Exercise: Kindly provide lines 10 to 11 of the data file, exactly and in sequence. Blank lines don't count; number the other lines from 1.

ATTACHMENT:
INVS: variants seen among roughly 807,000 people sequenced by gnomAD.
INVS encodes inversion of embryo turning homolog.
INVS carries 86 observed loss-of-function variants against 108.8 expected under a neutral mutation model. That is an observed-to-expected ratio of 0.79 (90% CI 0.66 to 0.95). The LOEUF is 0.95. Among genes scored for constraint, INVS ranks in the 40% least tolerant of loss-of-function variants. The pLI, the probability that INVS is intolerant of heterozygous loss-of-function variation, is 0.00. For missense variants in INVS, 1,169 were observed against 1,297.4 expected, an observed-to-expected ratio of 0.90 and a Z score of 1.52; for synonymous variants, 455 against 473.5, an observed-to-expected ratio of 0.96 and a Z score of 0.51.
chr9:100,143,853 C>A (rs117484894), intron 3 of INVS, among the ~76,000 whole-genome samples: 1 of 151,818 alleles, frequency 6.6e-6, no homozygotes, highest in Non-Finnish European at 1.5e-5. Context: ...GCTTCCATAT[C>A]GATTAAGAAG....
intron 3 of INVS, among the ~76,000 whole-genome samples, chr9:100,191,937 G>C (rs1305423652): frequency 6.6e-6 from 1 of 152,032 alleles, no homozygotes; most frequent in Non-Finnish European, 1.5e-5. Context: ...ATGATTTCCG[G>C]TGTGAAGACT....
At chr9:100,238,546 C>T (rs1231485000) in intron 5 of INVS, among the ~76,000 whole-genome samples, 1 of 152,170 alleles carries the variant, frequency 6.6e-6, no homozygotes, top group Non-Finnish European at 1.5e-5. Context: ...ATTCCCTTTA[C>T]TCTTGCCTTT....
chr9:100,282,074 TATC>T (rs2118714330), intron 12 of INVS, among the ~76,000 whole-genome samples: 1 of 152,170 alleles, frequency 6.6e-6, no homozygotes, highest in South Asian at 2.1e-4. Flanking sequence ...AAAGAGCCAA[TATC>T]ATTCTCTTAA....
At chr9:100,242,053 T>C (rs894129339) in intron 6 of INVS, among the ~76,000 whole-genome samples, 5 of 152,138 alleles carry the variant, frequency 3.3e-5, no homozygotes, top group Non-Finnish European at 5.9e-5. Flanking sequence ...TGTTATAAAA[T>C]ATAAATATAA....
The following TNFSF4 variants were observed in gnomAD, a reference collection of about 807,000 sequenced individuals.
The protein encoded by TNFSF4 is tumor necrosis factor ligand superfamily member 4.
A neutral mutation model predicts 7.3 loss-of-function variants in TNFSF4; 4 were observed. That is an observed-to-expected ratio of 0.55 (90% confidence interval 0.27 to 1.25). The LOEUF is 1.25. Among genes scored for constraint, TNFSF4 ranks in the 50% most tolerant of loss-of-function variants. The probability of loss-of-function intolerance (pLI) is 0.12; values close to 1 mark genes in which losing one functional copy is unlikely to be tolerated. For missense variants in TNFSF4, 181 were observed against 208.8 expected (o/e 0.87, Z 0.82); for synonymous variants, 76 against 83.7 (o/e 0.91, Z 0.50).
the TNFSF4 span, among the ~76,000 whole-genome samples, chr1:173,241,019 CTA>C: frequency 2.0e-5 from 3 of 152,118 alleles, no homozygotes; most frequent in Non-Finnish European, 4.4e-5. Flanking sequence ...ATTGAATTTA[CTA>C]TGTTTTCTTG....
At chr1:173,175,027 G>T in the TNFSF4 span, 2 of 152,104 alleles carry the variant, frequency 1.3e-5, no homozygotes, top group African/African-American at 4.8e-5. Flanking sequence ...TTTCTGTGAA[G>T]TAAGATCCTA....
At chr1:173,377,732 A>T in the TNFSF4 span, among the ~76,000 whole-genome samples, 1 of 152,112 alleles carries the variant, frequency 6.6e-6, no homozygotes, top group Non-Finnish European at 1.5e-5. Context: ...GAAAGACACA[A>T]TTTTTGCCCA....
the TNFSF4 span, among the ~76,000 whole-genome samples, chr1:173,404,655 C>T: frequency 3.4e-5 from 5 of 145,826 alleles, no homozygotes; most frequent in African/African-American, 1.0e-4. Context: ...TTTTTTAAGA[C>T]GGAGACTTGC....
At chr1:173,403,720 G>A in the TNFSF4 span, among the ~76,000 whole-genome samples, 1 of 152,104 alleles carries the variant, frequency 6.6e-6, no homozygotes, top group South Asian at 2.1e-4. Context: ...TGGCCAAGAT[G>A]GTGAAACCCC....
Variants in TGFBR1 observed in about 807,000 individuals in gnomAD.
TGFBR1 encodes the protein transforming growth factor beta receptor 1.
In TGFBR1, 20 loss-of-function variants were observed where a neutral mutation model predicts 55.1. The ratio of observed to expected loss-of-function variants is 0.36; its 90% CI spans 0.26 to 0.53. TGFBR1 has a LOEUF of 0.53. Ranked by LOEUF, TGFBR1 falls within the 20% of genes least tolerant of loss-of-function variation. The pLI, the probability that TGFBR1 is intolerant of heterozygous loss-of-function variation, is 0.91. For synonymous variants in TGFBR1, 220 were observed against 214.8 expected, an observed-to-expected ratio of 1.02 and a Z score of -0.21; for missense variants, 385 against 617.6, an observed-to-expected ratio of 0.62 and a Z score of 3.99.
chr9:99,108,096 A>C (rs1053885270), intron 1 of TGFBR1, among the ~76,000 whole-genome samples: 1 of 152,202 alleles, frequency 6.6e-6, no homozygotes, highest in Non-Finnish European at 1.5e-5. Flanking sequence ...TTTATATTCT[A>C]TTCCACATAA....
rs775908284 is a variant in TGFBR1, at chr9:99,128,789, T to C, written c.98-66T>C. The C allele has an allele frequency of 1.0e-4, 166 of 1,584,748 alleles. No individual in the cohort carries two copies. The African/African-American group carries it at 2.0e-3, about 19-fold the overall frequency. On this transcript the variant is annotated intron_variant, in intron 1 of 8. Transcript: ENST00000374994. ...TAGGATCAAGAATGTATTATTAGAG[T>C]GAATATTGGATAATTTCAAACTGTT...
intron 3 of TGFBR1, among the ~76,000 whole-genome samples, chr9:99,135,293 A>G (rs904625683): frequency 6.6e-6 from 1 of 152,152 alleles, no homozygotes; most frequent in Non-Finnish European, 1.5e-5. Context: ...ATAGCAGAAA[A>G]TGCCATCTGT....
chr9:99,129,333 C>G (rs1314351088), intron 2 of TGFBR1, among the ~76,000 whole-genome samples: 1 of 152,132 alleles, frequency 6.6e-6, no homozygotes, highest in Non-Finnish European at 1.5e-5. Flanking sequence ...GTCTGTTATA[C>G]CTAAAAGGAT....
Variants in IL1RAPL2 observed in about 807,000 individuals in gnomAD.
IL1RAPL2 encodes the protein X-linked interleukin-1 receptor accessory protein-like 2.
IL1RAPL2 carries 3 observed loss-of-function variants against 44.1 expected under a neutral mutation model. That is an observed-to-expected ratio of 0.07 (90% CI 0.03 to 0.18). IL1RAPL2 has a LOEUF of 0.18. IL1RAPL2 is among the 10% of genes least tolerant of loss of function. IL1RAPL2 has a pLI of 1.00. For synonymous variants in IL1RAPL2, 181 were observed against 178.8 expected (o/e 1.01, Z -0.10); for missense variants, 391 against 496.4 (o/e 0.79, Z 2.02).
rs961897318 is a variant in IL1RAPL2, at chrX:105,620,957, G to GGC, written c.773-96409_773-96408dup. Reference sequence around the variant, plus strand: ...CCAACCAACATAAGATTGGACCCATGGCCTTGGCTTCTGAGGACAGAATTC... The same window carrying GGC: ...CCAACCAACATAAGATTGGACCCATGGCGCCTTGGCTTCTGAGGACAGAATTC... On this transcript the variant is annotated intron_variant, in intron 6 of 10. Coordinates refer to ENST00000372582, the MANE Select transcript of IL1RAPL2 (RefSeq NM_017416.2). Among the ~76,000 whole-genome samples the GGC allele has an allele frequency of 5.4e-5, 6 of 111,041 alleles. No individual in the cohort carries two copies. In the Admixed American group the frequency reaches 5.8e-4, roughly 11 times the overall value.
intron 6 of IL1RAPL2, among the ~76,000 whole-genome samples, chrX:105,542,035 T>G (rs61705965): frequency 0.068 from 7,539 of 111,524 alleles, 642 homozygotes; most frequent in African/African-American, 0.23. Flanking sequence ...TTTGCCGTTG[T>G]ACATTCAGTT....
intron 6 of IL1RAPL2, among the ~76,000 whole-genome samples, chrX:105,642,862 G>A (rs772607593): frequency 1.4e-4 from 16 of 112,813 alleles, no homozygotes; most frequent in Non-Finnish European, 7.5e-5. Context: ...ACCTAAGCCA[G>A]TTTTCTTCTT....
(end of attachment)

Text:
The protein encoded by TNFSF4 is tumor necrosis factor ligand superfamily member 4.
A neutral mutation model predicts 7.3 loss-of-function variants in TNFSF4; 4 were observed. That is an observed-to-expected ratio of 0.55 (90% confidence interval 0.27 to 1.25). The LOEUF is 1.25. Among genes scored for constraint, TNFSF4 ranks in the 50% most tolerant of loss-of-function variants. The probability of loss-of-function intolerance (pLI) is 0.12; values close to 1 mark genes in which losing one functional copy is unlikely to be tolerated. For missense variants in TNFSF4, 181 were observed against 208.8 expected (o/e 0.87, Z 0.82); for synonymous variants, 76 against 83.7 (o/e 0.91, Z 0.50).